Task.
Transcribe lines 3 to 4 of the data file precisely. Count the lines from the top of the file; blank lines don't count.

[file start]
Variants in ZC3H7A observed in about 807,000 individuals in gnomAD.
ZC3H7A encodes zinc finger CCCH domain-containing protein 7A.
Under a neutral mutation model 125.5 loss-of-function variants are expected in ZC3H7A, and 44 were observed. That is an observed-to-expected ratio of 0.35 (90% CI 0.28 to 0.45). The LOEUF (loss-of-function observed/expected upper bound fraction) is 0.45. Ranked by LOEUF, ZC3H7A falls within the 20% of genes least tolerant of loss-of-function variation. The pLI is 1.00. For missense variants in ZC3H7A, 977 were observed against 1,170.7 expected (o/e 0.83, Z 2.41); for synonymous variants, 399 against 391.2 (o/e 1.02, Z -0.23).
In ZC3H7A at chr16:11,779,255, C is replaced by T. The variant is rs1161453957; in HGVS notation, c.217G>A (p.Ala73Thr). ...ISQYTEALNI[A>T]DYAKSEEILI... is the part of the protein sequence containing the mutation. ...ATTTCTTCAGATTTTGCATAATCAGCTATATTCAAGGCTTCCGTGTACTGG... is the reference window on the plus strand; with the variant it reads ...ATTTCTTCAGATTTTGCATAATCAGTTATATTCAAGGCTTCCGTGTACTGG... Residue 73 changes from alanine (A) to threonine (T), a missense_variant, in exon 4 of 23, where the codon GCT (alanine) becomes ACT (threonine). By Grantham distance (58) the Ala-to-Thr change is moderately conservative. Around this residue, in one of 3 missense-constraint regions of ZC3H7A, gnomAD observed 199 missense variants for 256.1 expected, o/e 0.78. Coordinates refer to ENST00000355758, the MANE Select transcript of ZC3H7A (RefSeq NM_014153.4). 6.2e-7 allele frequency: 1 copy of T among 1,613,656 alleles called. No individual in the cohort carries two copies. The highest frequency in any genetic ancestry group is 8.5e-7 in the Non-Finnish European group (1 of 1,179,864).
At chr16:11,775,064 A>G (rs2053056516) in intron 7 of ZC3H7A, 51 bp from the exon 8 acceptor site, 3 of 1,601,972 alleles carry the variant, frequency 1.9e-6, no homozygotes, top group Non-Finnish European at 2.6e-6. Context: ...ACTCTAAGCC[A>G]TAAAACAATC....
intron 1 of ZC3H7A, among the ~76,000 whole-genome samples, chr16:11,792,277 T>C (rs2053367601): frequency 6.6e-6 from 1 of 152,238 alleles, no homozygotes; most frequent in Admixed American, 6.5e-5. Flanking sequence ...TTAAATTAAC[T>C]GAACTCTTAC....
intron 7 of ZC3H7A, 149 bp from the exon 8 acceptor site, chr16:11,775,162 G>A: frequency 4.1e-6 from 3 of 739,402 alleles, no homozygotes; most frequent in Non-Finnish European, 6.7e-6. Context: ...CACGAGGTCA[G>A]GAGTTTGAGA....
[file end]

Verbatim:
Under a neutral mutation model 125.5 loss-of-function variants are expected in ZC3H7A, and 44 were observed. That is an observed-to-expected ratio of 0.35 (90% CI 0.28 to 0.45). The LOEUF (loss-of-function observed/expected upper bound fraction) is 0.45. Ranked by LOEUF, ZC3H7A falls within the 20% of genes least tolerant of loss-of-function variation. The pLI is 1.00. For missense variants in ZC3H7A, 977 were observed against 1,170.7 expected (o/e 0.83, Z 2.41); for synonymous variants, 399 against 391.2 (o/e 1.02, Z -0.23).
In ZC3H7A at chr16:11,779,255, C is replaced by T. The variant is rs1161453957; in HGVS notation, c.217G>A (p.Ala73Thr). ...ISQYTEALNI[A>T]DYAKSEEILI... is the part of the protein sequence containing the mutation. ...ATTTCTTCAGATTTTGCATAATCAGCTATATTCAAGGCTTCCGTGTACTGG... is the reference window on the plus strand; with the variant it reads ...ATTTCTTCAGATTTTGCATAATCAGTTATATTCAAGGCTTCCGTGTACTGG... Residue 73 changes from alanine (A) to threonine (T), a missense_variant, in exon 4 of 23, where the codon GCT (alanine) becomes ACT (threonine). By Grantham distance (58) the Ala-to-Thr change is moderately conservative. Around this residue, in one of 3 missense-constraint regions of ZC3H7A, gnomAD observed 199 missense variants for 256.1 expected, o/e 0.78. Coordinates refer to ENST00000355758, the MANE Select transcript of ZC3H7A (RefSeq NM_014153.4). 6.2e-7 allele frequency: 1 copy of T among 1,613,656 alleles called. No individual in the cohort carries two copies. The highest frequency in any genetic ancestry group is 8.5e-7 in the Non-Finnish European group (1 of 1,179,864).